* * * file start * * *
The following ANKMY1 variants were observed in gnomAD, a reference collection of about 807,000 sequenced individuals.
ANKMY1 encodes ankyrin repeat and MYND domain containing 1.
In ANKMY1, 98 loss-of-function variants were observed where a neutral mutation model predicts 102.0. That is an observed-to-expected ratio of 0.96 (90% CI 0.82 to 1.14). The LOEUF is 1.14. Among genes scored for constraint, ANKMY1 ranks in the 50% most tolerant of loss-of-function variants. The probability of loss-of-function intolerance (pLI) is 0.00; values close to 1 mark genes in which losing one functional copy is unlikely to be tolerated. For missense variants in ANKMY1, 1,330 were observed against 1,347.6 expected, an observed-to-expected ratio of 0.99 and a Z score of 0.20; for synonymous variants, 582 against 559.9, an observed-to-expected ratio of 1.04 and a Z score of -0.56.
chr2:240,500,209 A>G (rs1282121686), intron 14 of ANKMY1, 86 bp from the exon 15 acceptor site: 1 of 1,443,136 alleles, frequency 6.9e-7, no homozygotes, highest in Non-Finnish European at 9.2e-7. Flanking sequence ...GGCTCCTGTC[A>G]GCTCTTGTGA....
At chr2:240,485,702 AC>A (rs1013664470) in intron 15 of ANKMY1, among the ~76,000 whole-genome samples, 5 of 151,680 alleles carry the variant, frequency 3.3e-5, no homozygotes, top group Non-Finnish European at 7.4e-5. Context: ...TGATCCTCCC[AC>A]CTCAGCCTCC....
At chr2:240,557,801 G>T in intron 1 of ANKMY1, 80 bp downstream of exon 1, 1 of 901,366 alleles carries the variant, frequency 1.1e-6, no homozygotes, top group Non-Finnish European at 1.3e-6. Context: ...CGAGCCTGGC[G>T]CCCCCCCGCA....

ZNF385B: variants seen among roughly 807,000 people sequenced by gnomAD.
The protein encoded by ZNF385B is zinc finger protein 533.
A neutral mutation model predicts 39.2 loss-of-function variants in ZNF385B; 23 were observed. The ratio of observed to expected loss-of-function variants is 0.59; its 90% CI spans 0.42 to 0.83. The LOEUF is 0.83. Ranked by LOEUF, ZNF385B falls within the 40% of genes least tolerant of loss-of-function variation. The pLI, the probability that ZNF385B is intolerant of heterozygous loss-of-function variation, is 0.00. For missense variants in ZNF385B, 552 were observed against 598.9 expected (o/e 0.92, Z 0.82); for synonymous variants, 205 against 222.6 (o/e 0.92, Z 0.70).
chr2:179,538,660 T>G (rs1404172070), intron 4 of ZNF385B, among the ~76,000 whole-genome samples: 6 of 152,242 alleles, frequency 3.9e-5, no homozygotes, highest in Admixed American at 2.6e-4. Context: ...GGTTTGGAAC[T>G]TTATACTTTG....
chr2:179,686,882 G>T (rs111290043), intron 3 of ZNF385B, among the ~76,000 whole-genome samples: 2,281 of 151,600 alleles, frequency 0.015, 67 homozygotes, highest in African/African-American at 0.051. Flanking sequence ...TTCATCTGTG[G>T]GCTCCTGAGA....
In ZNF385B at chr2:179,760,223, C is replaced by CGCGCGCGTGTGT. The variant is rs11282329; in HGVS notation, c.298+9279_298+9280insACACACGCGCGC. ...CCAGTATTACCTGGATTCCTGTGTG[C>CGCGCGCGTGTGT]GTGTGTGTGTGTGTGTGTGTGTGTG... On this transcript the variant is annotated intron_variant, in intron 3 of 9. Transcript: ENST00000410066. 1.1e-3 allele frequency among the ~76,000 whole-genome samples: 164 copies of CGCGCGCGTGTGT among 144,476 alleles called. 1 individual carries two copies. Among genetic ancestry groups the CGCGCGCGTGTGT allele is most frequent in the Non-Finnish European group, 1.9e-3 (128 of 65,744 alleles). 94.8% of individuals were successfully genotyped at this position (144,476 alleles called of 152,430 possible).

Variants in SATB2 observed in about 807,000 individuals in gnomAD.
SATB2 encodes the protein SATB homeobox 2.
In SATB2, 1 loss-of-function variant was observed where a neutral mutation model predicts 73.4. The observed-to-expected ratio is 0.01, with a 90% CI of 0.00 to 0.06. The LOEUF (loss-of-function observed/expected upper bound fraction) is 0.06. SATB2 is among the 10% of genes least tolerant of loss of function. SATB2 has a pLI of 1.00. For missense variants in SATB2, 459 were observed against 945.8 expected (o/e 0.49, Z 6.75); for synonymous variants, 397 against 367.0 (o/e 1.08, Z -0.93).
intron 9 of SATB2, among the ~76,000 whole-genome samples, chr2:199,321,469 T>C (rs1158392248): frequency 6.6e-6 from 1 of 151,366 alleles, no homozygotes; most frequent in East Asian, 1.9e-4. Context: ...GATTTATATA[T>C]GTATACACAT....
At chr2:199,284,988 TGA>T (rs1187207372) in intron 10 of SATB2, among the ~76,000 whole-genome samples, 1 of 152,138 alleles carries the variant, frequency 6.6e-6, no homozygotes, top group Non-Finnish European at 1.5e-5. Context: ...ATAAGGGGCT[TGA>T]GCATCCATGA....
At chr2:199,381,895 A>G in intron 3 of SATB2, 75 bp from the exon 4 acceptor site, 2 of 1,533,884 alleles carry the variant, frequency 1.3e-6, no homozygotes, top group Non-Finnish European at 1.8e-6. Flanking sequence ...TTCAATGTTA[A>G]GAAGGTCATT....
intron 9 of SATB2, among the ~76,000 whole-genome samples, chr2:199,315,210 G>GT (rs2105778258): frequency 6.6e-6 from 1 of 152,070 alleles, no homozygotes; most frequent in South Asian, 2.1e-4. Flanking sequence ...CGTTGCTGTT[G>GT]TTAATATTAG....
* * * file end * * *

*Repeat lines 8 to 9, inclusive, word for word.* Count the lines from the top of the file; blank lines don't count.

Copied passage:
The protein encoded by ZNF385B is zinc finger protein 533.
A neutral mutation model predicts 39.2 loss-of-function variants in ZNF385B; 23 were observed. The ratio of observed to expected loss-of-function variants is 0.59; its 90% CI spans 0.42 to 0.83. The LOEUF is 0.83. Ranked by LOEUF, ZNF385B falls within the 40% of genes least tolerant of loss-of-function variation. The pLI, the probability that ZNF385B is intolerant of heterozygous loss-of-function variation, is 0.00. For missense variants in ZNF385B, 552 were observed against 598.9 expected (o/e 0.92, Z 0.82); for synonymous variants, 205 against 222.6 (o/e 0.92, Z 0.70).